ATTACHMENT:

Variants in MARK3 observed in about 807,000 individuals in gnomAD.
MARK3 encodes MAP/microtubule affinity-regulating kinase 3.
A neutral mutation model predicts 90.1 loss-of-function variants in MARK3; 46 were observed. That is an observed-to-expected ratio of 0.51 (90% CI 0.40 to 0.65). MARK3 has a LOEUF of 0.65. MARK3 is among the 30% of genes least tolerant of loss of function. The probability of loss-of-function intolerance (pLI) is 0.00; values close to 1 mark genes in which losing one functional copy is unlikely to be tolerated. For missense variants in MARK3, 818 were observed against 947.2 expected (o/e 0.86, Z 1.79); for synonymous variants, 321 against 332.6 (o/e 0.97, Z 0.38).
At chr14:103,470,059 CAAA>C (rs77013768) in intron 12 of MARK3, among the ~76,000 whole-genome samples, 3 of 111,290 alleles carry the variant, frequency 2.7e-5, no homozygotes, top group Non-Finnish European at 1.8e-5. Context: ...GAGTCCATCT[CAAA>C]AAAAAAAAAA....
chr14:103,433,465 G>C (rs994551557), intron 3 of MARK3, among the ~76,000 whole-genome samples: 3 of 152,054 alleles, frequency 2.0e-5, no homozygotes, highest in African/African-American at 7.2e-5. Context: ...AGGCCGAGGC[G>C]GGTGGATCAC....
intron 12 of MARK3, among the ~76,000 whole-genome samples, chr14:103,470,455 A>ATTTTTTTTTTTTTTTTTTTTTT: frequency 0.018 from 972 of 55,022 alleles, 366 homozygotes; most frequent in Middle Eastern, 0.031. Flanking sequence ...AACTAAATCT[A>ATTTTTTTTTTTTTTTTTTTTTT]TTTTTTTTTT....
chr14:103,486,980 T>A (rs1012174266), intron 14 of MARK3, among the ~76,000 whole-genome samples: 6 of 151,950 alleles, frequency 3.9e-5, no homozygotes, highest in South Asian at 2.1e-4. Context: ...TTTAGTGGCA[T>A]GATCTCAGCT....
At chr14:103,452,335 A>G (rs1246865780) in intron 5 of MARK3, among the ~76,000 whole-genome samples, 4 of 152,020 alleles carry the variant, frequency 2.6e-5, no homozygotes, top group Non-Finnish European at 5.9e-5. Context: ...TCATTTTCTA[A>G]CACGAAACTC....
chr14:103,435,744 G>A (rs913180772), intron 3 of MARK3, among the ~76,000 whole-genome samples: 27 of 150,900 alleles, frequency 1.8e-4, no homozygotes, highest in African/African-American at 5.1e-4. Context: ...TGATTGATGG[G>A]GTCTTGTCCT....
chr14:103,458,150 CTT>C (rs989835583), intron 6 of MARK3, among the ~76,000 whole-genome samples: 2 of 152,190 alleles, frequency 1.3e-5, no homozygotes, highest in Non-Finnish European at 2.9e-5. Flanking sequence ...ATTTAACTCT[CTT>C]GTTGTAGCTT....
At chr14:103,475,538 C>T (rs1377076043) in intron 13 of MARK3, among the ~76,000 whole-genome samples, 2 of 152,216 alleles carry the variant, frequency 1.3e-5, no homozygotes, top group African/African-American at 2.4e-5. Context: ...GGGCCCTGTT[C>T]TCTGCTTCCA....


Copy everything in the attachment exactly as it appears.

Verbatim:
Variants in MARK3 observed in about 807,000 individuals in gnomAD.
MARK3 encodes MAP/microtubule affinity-regulating kinase 3.
A neutral mutation model predicts 90.1 loss-of-function variants in MARK3; 46 were observed. That is an observed-to-expected ratio of 0.51 (90% CI 0.40 to 0.65). MARK3 has a LOEUF of 0.65. MARK3 is among the 30% of genes least tolerant of loss of function. The probability of loss-of-function intolerance (pLI) is 0.00; values close to 1 mark genes in which losing one functional copy is unlikely to be tolerated. For missense variants in MARK3, 818 were observed against 947.2 expected (o/e 0.86, Z 1.79); for synonymous variants, 321 against 332.6 (o/e 0.97, Z 0.38).
At chr14:103,470,059 CAAA>C (rs77013768) in intron 12 of MARK3, among the ~76,000 whole-genome samples, 3 of 111,290 alleles carry the variant, frequency 2.7e-5, no homozygotes, top group Non-Finnish European at 1.8e-5. Context: ...GAGTCCATCT[CAAA>C]AAAAAAAAAA....
chr14:103,433,465 G>C (rs994551557), intron 3 of MARK3, among the ~76,000 whole-genome samples: 3 of 152,054 alleles, frequency 2.0e-5, no homozygotes, highest in African/African-American at 7.2e-5. Context: ...AGGCCGAGGC[G>C]GGTGGATCAC....
intron 12 of MARK3, among the ~76,000 whole-genome samples, chr14:103,470,455 A>ATTTTTTTTTTTTTTTTTTTTTT: frequency 0.018 from 972 of 55,022 alleles, 366 homozygotes; most frequent in Middle Eastern, 0.031. Flanking sequence ...AACTAAATCT[A>ATTTTTTTTTTTTTTTTTTTTTT]TTTTTTTTTT....
chr14:103,486,980 T>A (rs1012174266), intron 14 of MARK3, among the ~76,000 whole-genome samples: 6 of 151,950 alleles, frequency 3.9e-5, no homozygotes, highest in South Asian at 2.1e-4. Context: ...TTTAGTGGCA[T>A]GATCTCAGCT....
At chr14:103,452,335 A>G (rs1246865780) in intron 5 of MARK3, among the ~76,000 whole-genome samples, 4 of 152,020 alleles carry the variant, frequency 2.6e-5, no homozygotes, top group Non-Finnish European at 5.9e-5. Context: ...TCATTTTCTA[A>G]CACGAAACTC....
chr14:103,435,744 G>A (rs913180772), intron 3 of MARK3, among the ~76,000 whole-genome samples: 27 of 150,900 alleles, frequency 1.8e-4, no homozygotes, highest in African/African-American at 5.1e-4. Context: ...TGATTGATGG[G>A]GTCTTGTCCT....
chr14:103,458,150 CTT>C (rs989835583), intron 6 of MARK3, among the ~76,000 whole-genome samples: 2 of 152,190 alleles, frequency 1.3e-5, no homozygotes, highest in Non-Finnish European at 2.9e-5. Flanking sequence ...ATTTAACTCT[CTT>C]GTTGTAGCTT....
At chr14:103,475,538 C>T (rs1377076043) in intron 13 of MARK3, among the ~76,000 whole-genome samples, 2 of 152,216 alleles carry the variant, frequency 1.3e-5, no homozygotes, top group African/African-American at 2.4e-5. Context: ...GGGCCCTGTT[C>T]TCTGCTTCCA....